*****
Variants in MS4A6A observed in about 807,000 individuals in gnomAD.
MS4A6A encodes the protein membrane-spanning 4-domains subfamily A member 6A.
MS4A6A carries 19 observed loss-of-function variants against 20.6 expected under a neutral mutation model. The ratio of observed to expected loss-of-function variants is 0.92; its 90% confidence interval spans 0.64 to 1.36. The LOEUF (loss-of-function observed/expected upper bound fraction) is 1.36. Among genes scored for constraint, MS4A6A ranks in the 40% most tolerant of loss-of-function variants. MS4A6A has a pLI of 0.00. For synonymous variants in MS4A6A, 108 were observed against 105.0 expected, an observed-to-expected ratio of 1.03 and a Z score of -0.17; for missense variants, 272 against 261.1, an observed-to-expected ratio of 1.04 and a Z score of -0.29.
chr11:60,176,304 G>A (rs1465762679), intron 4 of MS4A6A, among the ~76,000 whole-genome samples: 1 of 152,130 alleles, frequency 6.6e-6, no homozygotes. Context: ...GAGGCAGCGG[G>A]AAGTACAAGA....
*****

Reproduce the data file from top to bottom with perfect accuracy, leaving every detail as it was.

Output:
Variants in MS4A6A observed in about 807,000 individuals in gnomAD.
MS4A6A encodes the protein membrane-spanning 4-domains subfamily A member 6A.
MS4A6A carries 19 observed loss-of-function variants against 20.6 expected under a neutral mutation model. The ratio of observed to expected loss-of-function variants is 0.92; its 90% confidence interval spans 0.64 to 1.36. The LOEUF (loss-of-function observed/expected upper bound fraction) is 1.36. Among genes scored for constraint, MS4A6A ranks in the 40% most tolerant of loss-of-function variants. MS4A6A has a pLI of 0.00. For synonymous variants in MS4A6A, 108 were observed against 105.0 expected, an observed-to-expected ratio of 1.03 and a Z score of -0.17; for missense variants, 272 against 261.1, an observed-to-expected ratio of 1.04 and a Z score of -0.29.
chr11:60,176,304 G>A (rs1465762679), intron 4 of MS4A6A, among the ~76,000 whole-genome samples: 1 of 152,130 alleles, frequency 6.6e-6, no homozygotes. Context: ...GAGGCAGCGG[G>A]AAGTACAAGA....